When I arrived in Yangshuo, I had only one intention: find a cheap, pleasant, convenient place to settle down and get some work done (after the fun and chaos of partying away the New Year in Hong Kong). So although the weather was beautiful and the skies unusually blue, I generally forced myself to stay inside. Few laptops have transflective screens, rendering them near useless under the 10,000 luxes of full daylight – so about the best I could do (during particularly bright days) was to sit working on covered patios of outdoors coffee shops.
Still, I didn’t plan to waste the opportunities yielded by staying in a place like Yangshuo. Instead, I intended to get ahead on my work first and only sightsee later, once I was caught up.
Sadly, by the time my stay was coming to an end the weather had taken a turn for the worse…and nearly every day had become foggy and gray. D’oh! I found myself wishing I’d taken Dave up on more of his invitations to head out and explore.
So when an Israeli backpacker* I’d met in the hostel lounge dropped by to suggest a trip to a nearby watercave, I said “why not.”
The Water Cave seemed to be one of Yangshuo’s main attractions, with posters and advertisements plastering the front of every travel agent and tour operator in town.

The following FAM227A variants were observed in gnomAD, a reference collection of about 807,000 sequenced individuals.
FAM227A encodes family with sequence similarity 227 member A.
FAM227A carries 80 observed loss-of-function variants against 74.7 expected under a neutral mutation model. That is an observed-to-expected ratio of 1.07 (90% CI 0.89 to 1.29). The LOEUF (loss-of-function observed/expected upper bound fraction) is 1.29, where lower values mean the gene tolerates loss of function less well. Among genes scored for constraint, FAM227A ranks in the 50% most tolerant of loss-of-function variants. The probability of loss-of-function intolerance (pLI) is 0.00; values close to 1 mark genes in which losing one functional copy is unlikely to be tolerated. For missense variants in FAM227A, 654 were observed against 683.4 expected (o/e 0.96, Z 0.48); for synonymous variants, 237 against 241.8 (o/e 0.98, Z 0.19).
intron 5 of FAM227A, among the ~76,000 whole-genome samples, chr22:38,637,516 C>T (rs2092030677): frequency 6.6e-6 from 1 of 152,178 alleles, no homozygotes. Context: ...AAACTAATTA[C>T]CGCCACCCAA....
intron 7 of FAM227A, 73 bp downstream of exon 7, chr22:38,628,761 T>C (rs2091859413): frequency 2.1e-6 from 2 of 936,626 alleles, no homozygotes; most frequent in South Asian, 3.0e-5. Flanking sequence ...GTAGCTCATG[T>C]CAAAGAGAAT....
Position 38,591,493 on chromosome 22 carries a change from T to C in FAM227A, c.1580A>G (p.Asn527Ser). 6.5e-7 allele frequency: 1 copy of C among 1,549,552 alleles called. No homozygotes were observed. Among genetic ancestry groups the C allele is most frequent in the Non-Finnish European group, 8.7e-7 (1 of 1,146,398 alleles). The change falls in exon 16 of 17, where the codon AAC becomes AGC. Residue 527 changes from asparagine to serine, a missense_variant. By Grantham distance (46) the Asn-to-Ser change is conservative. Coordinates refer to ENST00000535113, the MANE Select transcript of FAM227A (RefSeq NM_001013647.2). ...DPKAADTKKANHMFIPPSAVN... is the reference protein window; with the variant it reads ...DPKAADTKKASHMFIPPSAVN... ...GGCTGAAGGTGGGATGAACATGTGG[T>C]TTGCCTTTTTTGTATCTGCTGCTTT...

And it did appear to be pretty cool! Massive caverns, huge sloppy mud pools, and running underground waterfalls…sounds like just my cup of tea.
Still, my day’s companion and I were a little apprehensive at first due to the increasingly cold weather. But the woman at the ticket booth assured us that the temperature inside would actually be quite high.
…which it was. At least, the air was. But that wasn’t what we were worried about. The temperature of the mud, by contrast, was not so high. In fact, it was arctic.
…And do you think that stopped us from jumping in??
After all, we had to get our precious photos 🙂
Rinsing off after our dip was a nightmare. If that water were ONE degree colder it would’ve certainly turned into ice.
But looking back, I’m glad we did it…and the next hour or so of exploring, climbing around in, and photographing those huge caverns was magnificent.
*One thing that’s both very noticeable and quite saddening about virtually every international trip I’ve taken – except to Europe – is the demographic of the travelers. Because after yet another six months abroad, I can honestly say that I don’t recall meeting one single long-term backpacker from the United States. Not one. On the other hand, I’ve met dozens – if not hundreds – from Australia, Israel, Russia, all over Europe, and a few parts of South America.
Why is it that, despite being such a first-world country, we remain so provincially isolated from the rest of the world? And when we do leave our borders, why do we shack up almost exclusively in five-star hotels, completely covering our eyes from what the foreign countries and cultures really have to offer?
I truly believe that if we just stepped outside of our comfort zone a bit more (this does not include staying at the Hilton and watching hotel-organized Kung Fu shows, nor does it include going to other English-speaking countries only marginally different from our own) we could develop such a clearer understanding of the world as a whole…and work to end the less than favorable international perception of us and our ways.